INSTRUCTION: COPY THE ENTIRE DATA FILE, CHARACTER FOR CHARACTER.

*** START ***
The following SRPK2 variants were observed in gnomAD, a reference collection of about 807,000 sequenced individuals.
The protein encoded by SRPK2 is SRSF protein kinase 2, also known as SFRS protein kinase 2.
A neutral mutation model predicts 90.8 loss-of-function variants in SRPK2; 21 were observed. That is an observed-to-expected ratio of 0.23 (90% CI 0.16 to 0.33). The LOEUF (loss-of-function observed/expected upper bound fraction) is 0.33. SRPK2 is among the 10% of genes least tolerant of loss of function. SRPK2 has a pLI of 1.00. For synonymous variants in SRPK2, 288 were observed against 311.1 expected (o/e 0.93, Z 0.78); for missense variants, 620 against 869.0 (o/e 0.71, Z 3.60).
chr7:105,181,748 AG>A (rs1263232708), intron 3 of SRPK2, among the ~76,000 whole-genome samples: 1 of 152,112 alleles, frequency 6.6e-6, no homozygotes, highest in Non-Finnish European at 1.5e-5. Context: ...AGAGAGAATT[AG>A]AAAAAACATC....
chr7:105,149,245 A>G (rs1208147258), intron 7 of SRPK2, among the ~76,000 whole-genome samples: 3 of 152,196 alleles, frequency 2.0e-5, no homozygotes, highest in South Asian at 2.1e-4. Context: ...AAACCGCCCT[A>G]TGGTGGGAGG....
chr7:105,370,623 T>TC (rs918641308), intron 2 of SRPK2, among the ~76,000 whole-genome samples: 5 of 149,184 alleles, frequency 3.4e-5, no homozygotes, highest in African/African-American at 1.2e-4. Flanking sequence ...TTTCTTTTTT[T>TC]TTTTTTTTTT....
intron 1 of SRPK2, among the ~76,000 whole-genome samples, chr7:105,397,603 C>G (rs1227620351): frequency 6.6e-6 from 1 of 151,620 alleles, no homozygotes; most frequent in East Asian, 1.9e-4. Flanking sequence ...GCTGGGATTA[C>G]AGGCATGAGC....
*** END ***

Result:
The following SRPK2 variants were observed in gnomAD, a reference collection of about 807,000 sequenced individuals.
The protein encoded by SRPK2 is SRSF protein kinase 2, also known as SFRS protein kinase 2.
A neutral mutation model predicts 90.8 loss-of-function variants in SRPK2; 21 were observed. That is an observed-to-expected ratio of 0.23 (90% CI 0.16 to 0.33). The LOEUF (loss-of-function observed/expected upper bound fraction) is 0.33. SRPK2 is among the 10% of genes least tolerant of loss of function. SRPK2 has a pLI of 1.00. For synonymous variants in SRPK2, 288 were observed against 311.1 expected (o/e 0.93, Z 0.78); for missense variants, 620 against 869.0 (o/e 0.71, Z 3.60).
chr7:105,181,748 AG>A (rs1263232708), intron 3 of SRPK2, among the ~76,000 whole-genome samples: 1 of 152,112 alleles, frequency 6.6e-6, no homozygotes, highest in Non-Finnish European at 1.5e-5. Context: ...AGAGAGAATT[AG>A]AAAAAACATC....
chr7:105,149,245 A>G (rs1208147258), intron 7 of SRPK2, among the ~76,000 whole-genome samples: 3 of 152,196 alleles, frequency 2.0e-5, no homozygotes, highest in South Asian at 2.1e-4. Context: ...AAACCGCCCT[A>G]TGGTGGGAGG....
chr7:105,370,623 T>TC (rs918641308), intron 2 of SRPK2, among the ~76,000 whole-genome samples: 5 of 149,184 alleles, frequency 3.4e-5, no homozygotes, highest in African/African-American at 1.2e-4. Flanking sequence ...TTTCTTTTTT[T>TC]TTTTTTTTTT....
intron 1 of SRPK2, among the ~76,000 whole-genome samples, chr7:105,397,603 C>G (rs1227620351): frequency 6.6e-6 from 1 of 151,620 alleles, no homozygotes; most frequent in East Asian, 1.9e-4. Flanking sequence ...GCTGGGATTA[C>G]AGGCATGAGC....